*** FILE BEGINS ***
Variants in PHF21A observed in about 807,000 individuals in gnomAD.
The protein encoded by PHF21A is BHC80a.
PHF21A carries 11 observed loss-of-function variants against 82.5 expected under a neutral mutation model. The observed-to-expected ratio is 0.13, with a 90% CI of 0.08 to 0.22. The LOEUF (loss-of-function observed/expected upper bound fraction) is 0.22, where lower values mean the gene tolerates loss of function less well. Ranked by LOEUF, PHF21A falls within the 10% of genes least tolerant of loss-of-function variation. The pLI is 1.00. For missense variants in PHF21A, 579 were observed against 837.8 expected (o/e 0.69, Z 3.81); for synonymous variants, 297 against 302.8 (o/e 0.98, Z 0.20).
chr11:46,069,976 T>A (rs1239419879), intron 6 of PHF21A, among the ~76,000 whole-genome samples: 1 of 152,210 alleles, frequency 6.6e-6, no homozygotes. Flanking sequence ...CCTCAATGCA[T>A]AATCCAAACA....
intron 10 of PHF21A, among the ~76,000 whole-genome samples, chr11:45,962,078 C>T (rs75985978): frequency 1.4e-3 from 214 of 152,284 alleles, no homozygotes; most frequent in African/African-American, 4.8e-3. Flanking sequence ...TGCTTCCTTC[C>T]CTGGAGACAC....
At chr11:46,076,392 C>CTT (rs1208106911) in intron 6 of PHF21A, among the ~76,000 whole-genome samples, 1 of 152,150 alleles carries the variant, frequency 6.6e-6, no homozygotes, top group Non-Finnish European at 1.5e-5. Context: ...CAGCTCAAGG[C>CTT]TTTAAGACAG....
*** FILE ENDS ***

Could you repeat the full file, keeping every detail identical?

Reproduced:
Variants in PHF21A observed in about 807,000 individuals in gnomAD.
The protein encoded by PHF21A is BHC80a.
PHF21A carries 11 observed loss-of-function variants against 82.5 expected under a neutral mutation model. The observed-to-expected ratio is 0.13, with a 90% CI of 0.08 to 0.22. The LOEUF (loss-of-function observed/expected upper bound fraction) is 0.22, where lower values mean the gene tolerates loss of function less well. Ranked by LOEUF, PHF21A falls within the 10% of genes least tolerant of loss-of-function variation. The pLI is 1.00. For missense variants in PHF21A, 579 were observed against 837.8 expected (o/e 0.69, Z 3.81); for synonymous variants, 297 against 302.8 (o/e 0.98, Z 0.20).
chr11:46,069,976 T>A (rs1239419879), intron 6 of PHF21A, among the ~76,000 whole-genome samples: 1 of 152,210 alleles, frequency 6.6e-6, no homozygotes. Flanking sequence ...CCTCAATGCA[T>A]AATCCAAACA....
intron 10 of PHF21A, among the ~76,000 whole-genome samples, chr11:45,962,078 C>T (rs75985978): frequency 1.4e-3 from 214 of 152,284 alleles, no homozygotes; most frequent in African/African-American, 4.8e-3. Flanking sequence ...TGCTTCCTTC[C>T]CTGGAGACAC....
At chr11:46,076,392 C>CTT (rs1208106911) in intron 6 of PHF21A, among the ~76,000 whole-genome samples, 1 of 152,150 alleles carries the variant, frequency 6.6e-6, no homozygotes, top group Non-Finnish European at 1.5e-5. Context: ...CAGCTCAAGG[C>CTT]TTTAAGACAG....